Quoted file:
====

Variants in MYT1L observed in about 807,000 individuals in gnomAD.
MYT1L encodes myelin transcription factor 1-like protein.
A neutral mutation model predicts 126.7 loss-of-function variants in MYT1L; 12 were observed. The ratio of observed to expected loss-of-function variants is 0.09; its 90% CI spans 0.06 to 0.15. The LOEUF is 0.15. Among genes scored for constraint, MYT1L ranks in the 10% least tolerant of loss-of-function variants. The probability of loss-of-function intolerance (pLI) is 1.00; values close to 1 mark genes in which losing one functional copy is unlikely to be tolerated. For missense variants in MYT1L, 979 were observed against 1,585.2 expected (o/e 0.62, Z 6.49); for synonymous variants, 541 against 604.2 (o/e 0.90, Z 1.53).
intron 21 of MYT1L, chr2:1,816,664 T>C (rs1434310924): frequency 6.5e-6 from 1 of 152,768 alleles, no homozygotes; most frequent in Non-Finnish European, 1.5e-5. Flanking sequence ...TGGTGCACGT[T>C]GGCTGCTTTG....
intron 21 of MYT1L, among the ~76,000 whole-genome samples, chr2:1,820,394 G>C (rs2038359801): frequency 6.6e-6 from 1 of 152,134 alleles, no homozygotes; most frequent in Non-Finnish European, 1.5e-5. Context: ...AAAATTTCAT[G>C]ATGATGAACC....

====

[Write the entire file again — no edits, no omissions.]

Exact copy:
Variants in MYT1L observed in about 807,000 individuals in gnomAD.
MYT1L encodes myelin transcription factor 1-like protein.
A neutral mutation model predicts 126.7 loss-of-function variants in MYT1L; 12 were observed. The ratio of observed to expected loss-of-function variants is 0.09; its 90% CI spans 0.06 to 0.15. The LOEUF is 0.15. Among genes scored for constraint, MYT1L ranks in the 10% least tolerant of loss-of-function variants. The probability of loss-of-function intolerance (pLI) is 1.00; values close to 1 mark genes in which losing one functional copy is unlikely to be tolerated. For missense variants in MYT1L, 979 were observed against 1,585.2 expected (o/e 0.62, Z 6.49); for synonymous variants, 541 against 604.2 (o/e 0.90, Z 1.53).
intron 21 of MYT1L, chr2:1,816,664 T>C (rs1434310924): frequency 6.5e-6 from 1 of 152,768 alleles, no homozygotes; most frequent in Non-Finnish European, 1.5e-5. Flanking sequence ...TGGTGCACGT[T>C]GGCTGCTTTG....
intron 21 of MYT1L, among the ~76,000 whole-genome samples, chr2:1,820,394 G>C (rs2038359801): frequency 6.6e-6 from 1 of 152,134 alleles, no homozygotes; most frequent in Non-Finnish European, 1.5e-5. Context: ...AAAATTTCAT[G>C]ATGATGAACC....